"All the world's a stage and each must play his part."
How right he was! He knew, and tried to forewarn us, that the moment you step outside your front door you are on stage. No time for a dress rehearsal. Break a leg!
It matters little what transpired only moments before -- whether your long suffering spouse let it be known, once again, that they are less than satisfied with your conjugal performance, or the unwed apple of your eye just announced she is having twins; you cannot show any of this to the world. Why? Because you are and must be an actor. You must say, "Good morning," with a smile to the first person you encounter, no matter who it is.
"How are you today? What a wonderful morning."
Then you must be prepared to stand and listen if this person proceeds to bend your ear and assault your senses for perhaps, a half hour or more. You are (and have to be) two-faced. One you see when you look in the mirror, and the other you present to the external world. It must be this way, otherwise you are inviting trouble. Your day will go down and your blood pressure will go up from that very instant.
There is no doubt that you are going to meet nasty, aggressive individuals in the course of your day. You can't avoid them. It is, sadly, an inherent part of human nature. Sometimes it seems as if many of them actively seek you out. The only thing you can do is tailor your reactions to their actions. I was taught this early in life by my father, Mal, a past master. His method was simple.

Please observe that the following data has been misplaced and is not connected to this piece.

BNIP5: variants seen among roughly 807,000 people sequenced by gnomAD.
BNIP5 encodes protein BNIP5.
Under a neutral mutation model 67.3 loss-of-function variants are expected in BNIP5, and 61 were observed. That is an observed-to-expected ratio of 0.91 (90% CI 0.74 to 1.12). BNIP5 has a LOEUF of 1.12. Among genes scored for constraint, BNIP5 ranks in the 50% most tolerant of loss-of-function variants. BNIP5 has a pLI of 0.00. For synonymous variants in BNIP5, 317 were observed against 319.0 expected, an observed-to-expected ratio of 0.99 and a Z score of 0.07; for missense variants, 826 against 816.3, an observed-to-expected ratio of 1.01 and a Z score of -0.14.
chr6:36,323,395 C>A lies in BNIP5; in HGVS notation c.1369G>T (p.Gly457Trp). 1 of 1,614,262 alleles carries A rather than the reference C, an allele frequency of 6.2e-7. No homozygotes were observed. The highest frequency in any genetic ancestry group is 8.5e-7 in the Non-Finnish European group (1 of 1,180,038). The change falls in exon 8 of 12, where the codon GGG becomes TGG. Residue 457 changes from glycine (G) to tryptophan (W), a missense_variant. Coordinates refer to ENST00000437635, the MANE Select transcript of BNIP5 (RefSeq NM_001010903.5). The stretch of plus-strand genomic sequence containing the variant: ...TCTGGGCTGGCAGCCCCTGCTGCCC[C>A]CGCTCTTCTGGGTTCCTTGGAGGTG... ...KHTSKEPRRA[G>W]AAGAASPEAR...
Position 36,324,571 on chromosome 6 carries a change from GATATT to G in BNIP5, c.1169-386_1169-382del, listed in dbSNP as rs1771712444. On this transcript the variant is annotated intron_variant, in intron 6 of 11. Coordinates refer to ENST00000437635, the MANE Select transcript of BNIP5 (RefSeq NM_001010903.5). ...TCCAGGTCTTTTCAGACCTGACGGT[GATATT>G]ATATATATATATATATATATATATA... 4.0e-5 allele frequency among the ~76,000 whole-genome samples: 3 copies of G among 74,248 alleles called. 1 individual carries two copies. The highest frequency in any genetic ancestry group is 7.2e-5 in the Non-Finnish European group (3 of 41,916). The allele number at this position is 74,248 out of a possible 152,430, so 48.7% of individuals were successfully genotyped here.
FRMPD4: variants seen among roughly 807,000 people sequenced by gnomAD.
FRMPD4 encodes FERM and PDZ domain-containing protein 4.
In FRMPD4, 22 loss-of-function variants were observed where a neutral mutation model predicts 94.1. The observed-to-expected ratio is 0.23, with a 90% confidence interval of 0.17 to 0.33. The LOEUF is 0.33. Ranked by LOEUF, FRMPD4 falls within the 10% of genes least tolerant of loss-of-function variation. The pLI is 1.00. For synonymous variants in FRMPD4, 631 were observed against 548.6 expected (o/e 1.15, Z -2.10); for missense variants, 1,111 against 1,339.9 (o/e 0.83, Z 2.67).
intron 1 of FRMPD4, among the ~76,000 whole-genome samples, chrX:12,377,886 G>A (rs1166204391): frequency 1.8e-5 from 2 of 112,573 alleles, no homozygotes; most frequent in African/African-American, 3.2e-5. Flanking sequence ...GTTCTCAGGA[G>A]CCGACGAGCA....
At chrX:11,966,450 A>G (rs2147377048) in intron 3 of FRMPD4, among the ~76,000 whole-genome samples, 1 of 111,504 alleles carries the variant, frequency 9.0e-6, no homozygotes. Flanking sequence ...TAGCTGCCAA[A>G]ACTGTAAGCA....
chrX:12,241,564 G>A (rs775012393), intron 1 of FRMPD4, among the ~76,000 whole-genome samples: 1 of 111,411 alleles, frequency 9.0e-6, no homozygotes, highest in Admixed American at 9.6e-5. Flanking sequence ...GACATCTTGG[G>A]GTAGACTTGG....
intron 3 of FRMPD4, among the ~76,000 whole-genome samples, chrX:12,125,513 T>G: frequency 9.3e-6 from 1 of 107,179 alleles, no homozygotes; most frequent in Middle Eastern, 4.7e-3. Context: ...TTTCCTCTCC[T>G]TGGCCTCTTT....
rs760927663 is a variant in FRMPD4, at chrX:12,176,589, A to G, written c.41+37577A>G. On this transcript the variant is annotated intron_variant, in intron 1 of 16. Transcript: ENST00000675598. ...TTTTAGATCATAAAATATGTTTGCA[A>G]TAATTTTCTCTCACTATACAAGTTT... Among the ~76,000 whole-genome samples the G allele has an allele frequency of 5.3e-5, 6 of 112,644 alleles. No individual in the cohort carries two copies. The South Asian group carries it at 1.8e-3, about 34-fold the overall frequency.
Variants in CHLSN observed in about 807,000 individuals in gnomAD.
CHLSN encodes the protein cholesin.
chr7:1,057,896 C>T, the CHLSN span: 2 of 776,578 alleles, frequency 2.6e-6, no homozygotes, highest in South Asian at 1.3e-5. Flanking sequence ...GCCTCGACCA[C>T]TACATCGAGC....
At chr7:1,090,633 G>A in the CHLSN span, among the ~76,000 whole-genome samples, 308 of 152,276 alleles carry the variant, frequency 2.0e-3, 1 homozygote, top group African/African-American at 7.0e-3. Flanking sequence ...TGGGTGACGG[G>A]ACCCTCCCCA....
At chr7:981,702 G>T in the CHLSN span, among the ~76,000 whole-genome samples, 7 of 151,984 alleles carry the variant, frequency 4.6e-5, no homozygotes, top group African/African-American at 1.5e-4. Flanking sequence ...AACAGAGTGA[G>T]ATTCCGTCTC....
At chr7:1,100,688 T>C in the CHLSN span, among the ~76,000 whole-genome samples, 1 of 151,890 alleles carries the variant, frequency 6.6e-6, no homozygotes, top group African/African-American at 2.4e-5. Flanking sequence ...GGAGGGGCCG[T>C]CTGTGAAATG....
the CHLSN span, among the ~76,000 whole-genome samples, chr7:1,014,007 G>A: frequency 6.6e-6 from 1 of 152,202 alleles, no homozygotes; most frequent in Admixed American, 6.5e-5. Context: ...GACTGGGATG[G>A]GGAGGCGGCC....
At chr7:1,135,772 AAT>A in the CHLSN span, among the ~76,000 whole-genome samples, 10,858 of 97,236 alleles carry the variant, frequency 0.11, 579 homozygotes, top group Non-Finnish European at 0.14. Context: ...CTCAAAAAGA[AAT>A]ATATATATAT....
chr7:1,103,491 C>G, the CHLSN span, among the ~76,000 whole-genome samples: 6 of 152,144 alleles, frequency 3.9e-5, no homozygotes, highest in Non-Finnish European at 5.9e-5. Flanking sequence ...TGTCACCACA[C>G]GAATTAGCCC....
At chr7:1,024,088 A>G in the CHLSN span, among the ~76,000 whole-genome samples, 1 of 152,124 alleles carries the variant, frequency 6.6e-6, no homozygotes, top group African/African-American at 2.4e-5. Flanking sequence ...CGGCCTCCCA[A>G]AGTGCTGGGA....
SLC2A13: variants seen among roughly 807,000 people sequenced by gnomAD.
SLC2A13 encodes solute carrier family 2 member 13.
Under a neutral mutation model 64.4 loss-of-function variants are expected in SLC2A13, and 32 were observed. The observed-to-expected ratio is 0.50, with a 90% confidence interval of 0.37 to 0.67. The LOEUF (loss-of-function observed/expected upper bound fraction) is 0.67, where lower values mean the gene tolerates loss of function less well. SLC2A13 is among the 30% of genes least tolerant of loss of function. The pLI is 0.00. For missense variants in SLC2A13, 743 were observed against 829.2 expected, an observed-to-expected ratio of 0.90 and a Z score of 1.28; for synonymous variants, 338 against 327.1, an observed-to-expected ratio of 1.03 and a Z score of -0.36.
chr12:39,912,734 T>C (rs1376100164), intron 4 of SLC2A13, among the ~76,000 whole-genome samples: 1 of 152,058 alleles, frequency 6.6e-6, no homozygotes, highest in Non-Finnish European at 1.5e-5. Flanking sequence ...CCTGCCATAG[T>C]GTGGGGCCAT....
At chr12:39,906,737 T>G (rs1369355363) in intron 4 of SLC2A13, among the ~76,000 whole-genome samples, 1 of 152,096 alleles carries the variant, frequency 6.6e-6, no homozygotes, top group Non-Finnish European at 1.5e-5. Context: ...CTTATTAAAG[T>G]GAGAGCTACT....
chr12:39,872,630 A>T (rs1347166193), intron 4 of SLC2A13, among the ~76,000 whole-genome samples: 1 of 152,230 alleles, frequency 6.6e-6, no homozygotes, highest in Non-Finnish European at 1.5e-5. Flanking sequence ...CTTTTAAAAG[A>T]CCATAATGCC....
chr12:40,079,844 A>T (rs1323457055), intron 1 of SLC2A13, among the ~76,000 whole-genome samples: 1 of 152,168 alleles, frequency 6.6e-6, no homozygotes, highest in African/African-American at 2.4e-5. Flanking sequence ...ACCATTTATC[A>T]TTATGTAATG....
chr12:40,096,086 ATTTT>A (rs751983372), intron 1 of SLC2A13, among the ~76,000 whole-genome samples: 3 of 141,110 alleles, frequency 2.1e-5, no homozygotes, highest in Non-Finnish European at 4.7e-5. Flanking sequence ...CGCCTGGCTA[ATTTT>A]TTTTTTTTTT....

"Bite your tongue," he would say under his breath.
He repeated this many times as I was growing up. Granted it sounds very simple, but I can assure you that with my Irish temperament, it takes years of practice. The biggest surprise to me after all of these years is that I actually have a tongue left to bite.
I can always judge my performance by counting the number of times during the day that I have bitten my tongue. In fact, I have become so adept that I start biting the moment I see certain individuals, even from afar. I have, on many occasions, clamped down tightly when just the mere thought of a certain person crosses my mind. Just to be on the safe side, I always bite my tongue before I step out of my front door. After a while it becomes part of the daily routine: Shower, breakfast, dress and bite.
This simple act sets the tone for the rest of day and serves as an important reminder. I have discovered that aggressive people feel justified only if they receive negative feedback. They seem to thrive on negativity, and only feel that their righteous indignation is warranted, if they get the anticipated reactions. What they really crave is a sparring partner.
Biting your tongue will give you breathing space and time to absorb the individual's verbal assault. You will notice that their voice often gets progressively louder and some may even become quite animated.
At this point, another bite may be necessary, maybe two. Do not, I repeat, do not be tempted to carelessly whistle during the encounter as this will only inflame the antagonist's passion. In some cases, it has been known to cause apoplexy. Eventually, this irate person runs out of steam and, with their blood pressure elevated, turns and storms off. At this point, in a low voice you calmly make the simple statement that resolves the issue. The practiced aggressive will always give you a final over the shoulder rejoinder, as if they were ending with an exclamation point!
Then, and only then, is it safe to stop biting.
From "Don't Die with Regrets: Ireland and the Lessons my Father Taught Me."
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Also for Sale:
The Journey: A Nomad Reflects.